In this case, CLM confined to the penis is very rare with the mode of entry unclear. The child is from a rural area where children usually have the habit of playing naked on the soil, thus predisposing to the lesions on the penis. The parents should be educated not to allow their children to remain naked and proper toilet training should be imparted to prevent infection.

 ~ References Top

1.Meffert JI. Parasitic infestations. In: Dermatology secrets 1 st ed. Fitzpatrick, Aeling J, editors. New Delhi. India: Jaypee Brothers; 1977. p. 217.  Back to cited text no. 1
2.Malhotra SK, Raj RT, Pal M, Goyal V, Sethi S. Cutaneous larva migrans in an unusual site. Dermatol Online J 2006;12:11.  Back to cited text no. 2
3.Vega-Lopez F, Hay RJ. Parasitic worms and protozoa. In: Burns T, Breathnach S, Cox N, Griffith C, editors. Rook's Text book of Dermatology. 7 th Ed. Oxford: Blackwell Science; 2004. p. 32.1-48.  Back to cited text no. 3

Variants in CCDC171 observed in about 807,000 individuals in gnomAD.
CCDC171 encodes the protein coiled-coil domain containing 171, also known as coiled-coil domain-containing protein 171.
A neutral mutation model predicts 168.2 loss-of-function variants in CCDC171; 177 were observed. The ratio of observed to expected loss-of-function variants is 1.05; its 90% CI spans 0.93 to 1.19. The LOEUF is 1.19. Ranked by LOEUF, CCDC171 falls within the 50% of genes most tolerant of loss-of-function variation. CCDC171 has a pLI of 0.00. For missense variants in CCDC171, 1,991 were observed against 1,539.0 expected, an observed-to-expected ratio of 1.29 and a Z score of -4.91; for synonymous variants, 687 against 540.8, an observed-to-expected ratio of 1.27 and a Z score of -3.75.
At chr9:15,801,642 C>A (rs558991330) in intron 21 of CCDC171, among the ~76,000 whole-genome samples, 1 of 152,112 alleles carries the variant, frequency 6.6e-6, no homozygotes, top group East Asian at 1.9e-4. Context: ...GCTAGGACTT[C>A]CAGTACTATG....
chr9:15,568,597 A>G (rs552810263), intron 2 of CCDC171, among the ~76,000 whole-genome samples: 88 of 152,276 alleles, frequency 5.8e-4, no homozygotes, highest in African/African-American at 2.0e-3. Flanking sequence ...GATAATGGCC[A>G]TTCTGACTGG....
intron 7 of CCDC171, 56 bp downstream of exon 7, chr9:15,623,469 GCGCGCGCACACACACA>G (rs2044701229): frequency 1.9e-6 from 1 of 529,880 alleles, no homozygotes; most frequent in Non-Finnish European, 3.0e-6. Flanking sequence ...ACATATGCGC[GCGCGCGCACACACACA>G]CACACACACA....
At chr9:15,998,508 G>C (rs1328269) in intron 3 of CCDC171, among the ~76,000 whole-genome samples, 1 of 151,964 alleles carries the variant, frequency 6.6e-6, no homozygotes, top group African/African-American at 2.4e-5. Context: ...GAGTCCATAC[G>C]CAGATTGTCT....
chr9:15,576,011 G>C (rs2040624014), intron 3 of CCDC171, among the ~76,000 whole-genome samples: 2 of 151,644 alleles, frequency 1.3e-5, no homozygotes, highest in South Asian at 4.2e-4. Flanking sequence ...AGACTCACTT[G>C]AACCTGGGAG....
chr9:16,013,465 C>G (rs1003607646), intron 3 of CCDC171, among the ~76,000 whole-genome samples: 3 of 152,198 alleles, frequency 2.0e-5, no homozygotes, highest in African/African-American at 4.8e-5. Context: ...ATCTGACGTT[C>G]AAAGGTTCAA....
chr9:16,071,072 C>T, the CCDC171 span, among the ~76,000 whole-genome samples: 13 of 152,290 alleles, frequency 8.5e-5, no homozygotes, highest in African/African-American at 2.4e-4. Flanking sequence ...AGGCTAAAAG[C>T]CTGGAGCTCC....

4.Padmavathy L, Rao LL. Cutaneous larva migrans -- A case report. Indian J Med Microbiol 2005;23:135-6.  Back to cited text no. 4
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5.Arora PN, Arora S. Diseases caused by parasitic worms and protozoa. In: Valia RG, Valia AR, editors. IADVL Text book of Dermatology. 3 rd ed. Mumbai, India: Bhalani Publishing House; 2008. p. 450.  Back to cited text no. 5
6.Elsner E, Themes M, Worret WI. Cutaneous larva migrans detected by epiluminescent microscopy. Acta Derm Venereol 1997;77:487-8.  Back to cited text no. 6
7.Caumes E, Carriere J, Datry A, Gaxotte P, Danis M, Gentilini M. A randomized trial of ivermectin versus albendazole for the treatment of cutaneous larva migrans. Am J Trop Med Hyg 1993;49:641-4.  Back to cited text no. 7


  [Figure 1]

This article has been cited by
1 Larva migrans in India: veterinary and public health perspectives
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Journal of Parasitic Diseases. 2013;